I like Low now (I objected to a few things about it here and then here). This is why you keep reading past the second issue, especially when there are sea creatures and mech suits involved.


The following review appeared over at Newsarama in the Best Shots column today:

Low #3
Written by Rick Remender
Art by Greg Tocchini
Lettering by Rus Wooton
Published by Image Comics
Review by Lilith Wood
‘Rama Rating: 8 out of 10

Rick Remender and Greg Tocchini hit their stride with Low #3. Remender’s writing is expressive but not over-blown in this story of a woman and her adult son who have to work together to survive. Tocchini’s rich artwork takes us seamlessly from an indulgent, futuristic city to the terrifying depths of the ocean. Low #3 gives us a lush adventure story and is a good place for new readers to jump on.

For thousands of years, humans have lived deep underwater to escape dangerous levels of solar radiation. Time is up for the domed city, where the air and the culture have become equally toxic. Stel and her son Marik are on a last-ditch mission to find a probe that has returned to earth with information. The mission doubles as Stel’s intervention for Marik, who is a self-pitying, guilt-ridden junkie.

Tocchini’s art makes each of the issue’s four segments distinct but also lets the story flow from one to the other. He toggles between blue-green highlights in orange-dominated panels to orange accents on shadowy blues and greens. In the beginning scene, Stel interrupts a crowded orgy to ask a senator for a small submarine. Tocchini uses apricots, pinks and tans to create a blur of bodies melting into each other and into the draped cloth around them, and we register that the end is nigh for this city. By the end of the issue when the story opens back out to the ocean, Stel and Marik are small figures in orange suits moving through a dark blue expanse.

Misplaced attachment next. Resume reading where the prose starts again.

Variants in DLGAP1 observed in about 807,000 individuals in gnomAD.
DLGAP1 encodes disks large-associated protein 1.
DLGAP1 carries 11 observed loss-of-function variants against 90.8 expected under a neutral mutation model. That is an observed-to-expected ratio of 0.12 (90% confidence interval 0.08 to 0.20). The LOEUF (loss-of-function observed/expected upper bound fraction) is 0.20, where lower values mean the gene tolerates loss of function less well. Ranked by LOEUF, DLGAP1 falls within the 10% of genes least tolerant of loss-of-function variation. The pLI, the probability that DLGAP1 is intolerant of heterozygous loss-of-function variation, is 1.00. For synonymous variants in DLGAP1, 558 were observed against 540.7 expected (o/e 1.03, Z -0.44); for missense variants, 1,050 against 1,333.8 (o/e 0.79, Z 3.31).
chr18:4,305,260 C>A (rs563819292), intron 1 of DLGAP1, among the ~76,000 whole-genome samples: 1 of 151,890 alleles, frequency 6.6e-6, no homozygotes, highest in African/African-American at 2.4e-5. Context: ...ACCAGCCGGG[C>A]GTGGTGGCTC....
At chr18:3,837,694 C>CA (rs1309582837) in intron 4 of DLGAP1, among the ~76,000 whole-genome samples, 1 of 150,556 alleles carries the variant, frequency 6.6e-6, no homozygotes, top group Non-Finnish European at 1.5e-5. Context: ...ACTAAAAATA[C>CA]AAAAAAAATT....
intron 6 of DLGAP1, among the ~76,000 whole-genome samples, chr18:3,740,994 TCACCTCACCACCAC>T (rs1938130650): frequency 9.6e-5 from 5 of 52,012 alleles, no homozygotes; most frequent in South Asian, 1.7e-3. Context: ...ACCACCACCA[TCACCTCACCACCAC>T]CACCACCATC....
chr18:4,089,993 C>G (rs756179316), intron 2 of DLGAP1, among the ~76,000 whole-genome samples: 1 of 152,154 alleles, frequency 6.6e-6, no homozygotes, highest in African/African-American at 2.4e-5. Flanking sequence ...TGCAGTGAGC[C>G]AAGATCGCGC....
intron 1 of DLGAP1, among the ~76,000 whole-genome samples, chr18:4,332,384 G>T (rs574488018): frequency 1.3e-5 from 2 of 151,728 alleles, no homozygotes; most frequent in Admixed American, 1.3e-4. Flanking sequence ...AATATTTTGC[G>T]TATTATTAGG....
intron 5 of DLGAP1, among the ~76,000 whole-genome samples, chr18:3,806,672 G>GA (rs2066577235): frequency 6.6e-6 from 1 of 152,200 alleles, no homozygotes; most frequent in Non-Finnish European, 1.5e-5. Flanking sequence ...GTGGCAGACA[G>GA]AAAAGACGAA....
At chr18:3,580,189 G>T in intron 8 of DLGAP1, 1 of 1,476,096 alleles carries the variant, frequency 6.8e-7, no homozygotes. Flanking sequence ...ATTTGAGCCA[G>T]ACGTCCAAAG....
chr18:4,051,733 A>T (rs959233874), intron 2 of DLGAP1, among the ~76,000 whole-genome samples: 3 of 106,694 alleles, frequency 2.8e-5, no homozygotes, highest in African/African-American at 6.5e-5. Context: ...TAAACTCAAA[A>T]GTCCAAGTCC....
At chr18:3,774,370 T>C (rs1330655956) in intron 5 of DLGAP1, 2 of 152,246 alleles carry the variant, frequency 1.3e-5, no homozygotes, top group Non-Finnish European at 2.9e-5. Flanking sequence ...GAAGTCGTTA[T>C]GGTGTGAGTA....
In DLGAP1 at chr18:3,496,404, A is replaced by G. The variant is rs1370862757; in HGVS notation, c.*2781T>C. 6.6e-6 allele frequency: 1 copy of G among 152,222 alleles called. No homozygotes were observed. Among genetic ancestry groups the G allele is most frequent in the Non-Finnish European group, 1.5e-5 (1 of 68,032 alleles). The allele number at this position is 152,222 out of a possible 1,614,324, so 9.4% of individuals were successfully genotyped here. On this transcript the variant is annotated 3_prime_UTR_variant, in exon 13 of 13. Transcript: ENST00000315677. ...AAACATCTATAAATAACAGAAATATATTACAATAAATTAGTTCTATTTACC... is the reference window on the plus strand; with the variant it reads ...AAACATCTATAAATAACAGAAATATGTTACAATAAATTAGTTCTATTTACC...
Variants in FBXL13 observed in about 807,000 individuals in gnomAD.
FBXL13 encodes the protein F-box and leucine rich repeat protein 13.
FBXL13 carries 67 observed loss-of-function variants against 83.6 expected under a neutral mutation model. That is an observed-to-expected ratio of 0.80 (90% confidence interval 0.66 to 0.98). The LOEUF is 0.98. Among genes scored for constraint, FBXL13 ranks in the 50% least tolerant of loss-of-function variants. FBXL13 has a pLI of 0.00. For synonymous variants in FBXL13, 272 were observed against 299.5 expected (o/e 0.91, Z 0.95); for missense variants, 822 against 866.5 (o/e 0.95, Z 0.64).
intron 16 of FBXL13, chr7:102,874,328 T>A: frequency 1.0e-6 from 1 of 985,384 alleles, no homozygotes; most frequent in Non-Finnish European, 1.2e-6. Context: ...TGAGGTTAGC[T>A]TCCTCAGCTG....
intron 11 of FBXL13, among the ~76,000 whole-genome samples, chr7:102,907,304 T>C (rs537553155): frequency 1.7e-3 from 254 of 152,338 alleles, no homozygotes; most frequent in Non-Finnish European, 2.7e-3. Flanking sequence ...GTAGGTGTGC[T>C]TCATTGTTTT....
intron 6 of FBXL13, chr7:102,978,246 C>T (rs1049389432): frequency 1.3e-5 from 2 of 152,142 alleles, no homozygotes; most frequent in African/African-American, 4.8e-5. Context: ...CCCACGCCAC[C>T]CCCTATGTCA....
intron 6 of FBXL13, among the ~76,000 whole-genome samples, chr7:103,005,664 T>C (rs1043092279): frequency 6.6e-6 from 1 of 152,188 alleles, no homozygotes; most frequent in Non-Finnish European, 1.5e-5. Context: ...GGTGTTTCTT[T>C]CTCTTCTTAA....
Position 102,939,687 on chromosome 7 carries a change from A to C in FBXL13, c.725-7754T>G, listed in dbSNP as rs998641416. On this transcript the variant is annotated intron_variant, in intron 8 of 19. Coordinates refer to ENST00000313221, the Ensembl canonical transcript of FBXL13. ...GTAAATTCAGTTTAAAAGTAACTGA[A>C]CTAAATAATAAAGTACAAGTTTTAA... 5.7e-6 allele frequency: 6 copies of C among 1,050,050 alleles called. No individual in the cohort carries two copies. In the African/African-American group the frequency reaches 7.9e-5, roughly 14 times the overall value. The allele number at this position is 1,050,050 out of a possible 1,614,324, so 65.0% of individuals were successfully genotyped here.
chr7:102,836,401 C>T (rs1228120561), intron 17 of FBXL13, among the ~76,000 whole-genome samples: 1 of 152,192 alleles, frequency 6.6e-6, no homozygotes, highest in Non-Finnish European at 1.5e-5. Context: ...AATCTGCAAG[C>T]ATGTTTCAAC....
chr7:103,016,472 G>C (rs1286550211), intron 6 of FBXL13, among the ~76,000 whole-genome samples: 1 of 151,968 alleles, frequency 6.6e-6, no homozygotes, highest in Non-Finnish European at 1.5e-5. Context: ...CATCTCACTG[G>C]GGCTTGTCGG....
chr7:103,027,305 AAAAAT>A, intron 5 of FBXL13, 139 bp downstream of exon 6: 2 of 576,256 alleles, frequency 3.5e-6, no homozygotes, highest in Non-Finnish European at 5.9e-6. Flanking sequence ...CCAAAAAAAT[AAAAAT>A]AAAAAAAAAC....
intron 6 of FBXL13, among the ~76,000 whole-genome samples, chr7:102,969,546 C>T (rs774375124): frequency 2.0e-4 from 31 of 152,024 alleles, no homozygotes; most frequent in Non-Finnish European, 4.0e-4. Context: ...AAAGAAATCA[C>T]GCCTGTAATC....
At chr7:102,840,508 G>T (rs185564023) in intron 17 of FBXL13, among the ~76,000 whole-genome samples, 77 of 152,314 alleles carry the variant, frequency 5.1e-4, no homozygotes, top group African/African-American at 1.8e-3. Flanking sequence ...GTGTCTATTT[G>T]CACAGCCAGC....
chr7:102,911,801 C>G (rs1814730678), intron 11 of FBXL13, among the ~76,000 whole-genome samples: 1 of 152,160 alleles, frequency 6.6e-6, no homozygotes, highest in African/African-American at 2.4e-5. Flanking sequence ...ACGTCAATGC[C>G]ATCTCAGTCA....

Remender’s writing is strong in this issue because he is manages the characters’ emotions well. In Low #3, he tugs on the readers’ heartstrings less violently but more effectively than he did in the first two issues. In the first issue, I thought he went overboard in showing us how happy the family was before tragedy struck. In the second issue, Marik’s dissolution felt jarring after the wholesomeness of the first issue. In the third issue, Marik’s problems make more sense against a backdrop of citywide hedonism — and we can see that he is just an ordinary self-centered addict. Stel’s mix of sadness and sweetness is tempered by her will to survive and her tough love for Marik. Their frustration with each other is on a level we can understand from real life, even though they are in an extraordinary situation. Now that they are confronting each other, they also balance each other. When they yell at each other we can understand why each one is frustrated, and there’s some catharsis that they are both getting yelled at.

The energy level of the issue keeps building until the visual release of Marik and Stel coming out of their small pod into the gorgeously painted ocean. Tocchini’s art really soars in this underwater world. As Stel watches Marik swim, she has a nuanced emotional moment that doesn’t feel sentimental or heavy-handed. Stel has been an emotional character from the start, but this issue let me feel things alongside her for the first time. With Low #3, Remender has proven that he can write about family dynamics. It feels like there is a long, satisfying adventure story ahead of us now, and new readers can jump on here and understand the gist of the story.

One thought on “LOW and BEHOLD

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